I stopped dead in my tracks.  As calmly as possible given the uproar in our home, I reviewed with Nick the circumstances under which it was permissible to call 9-1-1. He agreed that he did not smell smoke, or feel any heat from a possible fire. Most importantly there were two other adults were present who had the skills to detect a possible fire or other emergency.  He did relent and hand over the phone. I was truly grateful that he doesn’t have a personal cell phone, or the next sound I’d likely hear would be our doorbell, rung by a local police officer.

A side note here… our name is probably on the “list” of 9-1-1 prank callers. We have had this happen more than once. On the off chance that Nick might still waiver, I took the upstairs base phone off the hook.

The fans and doors seem to increase the smoke detectors activity. Each time things calmed down and we’d breathe a sigh of relief…shrill squawks would again fill the air. Eventually the air cleared of the stimulus and silence prevailed. But wait, now a different beep was heard, the low battery signals. This extra activity had depleted the 9 volt back up battery in two of the units.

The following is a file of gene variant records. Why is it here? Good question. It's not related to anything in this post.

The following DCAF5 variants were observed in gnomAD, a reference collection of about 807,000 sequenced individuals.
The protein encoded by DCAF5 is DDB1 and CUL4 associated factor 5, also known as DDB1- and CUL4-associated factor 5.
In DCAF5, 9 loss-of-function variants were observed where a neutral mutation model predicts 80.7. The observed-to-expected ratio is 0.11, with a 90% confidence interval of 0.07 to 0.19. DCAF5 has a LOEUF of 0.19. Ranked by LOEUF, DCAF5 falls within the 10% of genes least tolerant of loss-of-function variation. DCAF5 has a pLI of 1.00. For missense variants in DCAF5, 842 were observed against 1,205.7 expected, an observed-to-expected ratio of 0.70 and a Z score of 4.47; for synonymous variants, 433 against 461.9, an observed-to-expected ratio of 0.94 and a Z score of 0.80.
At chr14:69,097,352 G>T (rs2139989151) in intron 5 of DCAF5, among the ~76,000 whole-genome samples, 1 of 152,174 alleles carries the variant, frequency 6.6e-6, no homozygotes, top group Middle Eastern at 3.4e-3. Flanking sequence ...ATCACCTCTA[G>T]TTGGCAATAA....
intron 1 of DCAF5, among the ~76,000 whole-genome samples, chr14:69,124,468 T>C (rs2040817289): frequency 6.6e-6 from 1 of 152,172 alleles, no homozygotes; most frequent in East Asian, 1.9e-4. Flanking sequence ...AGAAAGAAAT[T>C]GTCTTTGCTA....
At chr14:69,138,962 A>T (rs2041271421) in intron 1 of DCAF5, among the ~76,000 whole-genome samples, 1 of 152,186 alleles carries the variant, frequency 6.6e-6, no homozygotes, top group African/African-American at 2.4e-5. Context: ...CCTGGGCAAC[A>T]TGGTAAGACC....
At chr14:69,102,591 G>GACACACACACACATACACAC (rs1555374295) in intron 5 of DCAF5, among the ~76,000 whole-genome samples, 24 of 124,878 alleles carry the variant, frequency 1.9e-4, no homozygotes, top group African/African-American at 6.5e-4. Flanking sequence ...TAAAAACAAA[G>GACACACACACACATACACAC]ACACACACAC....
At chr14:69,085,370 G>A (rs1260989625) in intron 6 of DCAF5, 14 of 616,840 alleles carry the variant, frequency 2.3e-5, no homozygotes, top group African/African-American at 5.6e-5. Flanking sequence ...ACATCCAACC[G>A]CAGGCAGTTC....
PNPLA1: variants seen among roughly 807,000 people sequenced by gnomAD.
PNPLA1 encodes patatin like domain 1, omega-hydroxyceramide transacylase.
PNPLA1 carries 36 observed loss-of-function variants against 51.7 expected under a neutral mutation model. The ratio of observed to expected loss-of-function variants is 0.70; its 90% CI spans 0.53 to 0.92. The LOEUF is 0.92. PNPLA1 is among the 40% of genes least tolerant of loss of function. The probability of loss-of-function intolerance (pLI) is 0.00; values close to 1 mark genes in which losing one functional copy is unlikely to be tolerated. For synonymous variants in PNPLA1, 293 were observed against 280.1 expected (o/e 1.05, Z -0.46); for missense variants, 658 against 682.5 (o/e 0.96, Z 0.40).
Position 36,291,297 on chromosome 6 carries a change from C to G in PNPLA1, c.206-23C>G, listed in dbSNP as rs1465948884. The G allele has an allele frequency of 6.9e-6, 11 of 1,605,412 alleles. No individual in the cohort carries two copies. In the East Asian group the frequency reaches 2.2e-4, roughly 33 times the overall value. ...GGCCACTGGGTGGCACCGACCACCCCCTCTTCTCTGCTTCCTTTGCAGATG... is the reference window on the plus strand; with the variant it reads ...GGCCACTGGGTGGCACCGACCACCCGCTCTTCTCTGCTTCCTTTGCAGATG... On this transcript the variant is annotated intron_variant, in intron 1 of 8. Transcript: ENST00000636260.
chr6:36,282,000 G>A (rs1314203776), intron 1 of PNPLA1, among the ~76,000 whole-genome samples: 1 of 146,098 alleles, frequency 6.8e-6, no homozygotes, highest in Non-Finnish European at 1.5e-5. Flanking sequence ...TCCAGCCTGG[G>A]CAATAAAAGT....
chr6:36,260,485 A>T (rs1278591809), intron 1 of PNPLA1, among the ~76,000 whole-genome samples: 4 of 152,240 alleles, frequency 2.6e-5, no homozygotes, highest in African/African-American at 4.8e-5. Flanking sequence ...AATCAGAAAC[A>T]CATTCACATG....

This was an easy fix. The ladder and some fresh batteries were all I needed. The situation seemed well in hand as my husband dashed out of the door and backed the car out of our garage.  I waved and silently prayed that he was able to catch the last bus downtown.

The ladder is called Little Giant, but a Big Brain is required to set it up. If that brain belongs to engineering major who’s of a brawny build, so much the better! I wrestled the Little Giant® MegaLite™ Aluminum Ladder out of its storage spot and into the house. “Lite” in the name surely doesn’t mean the physical weight of the ladder.

The brochure (which was nowhere to be found at that moment) says how versatile and easy it is to use. One can configure it to just about any position, like reaching the Smoke Detector mounted on an 18 foot high ceiling in my dining room.  I set up the ladder in the usual A-frame position. I use this ladder about twice a year, so the mechanism to change positions is a little dicey.  I simply could not get it into position to reach that unit located on the 18 foot ceiling.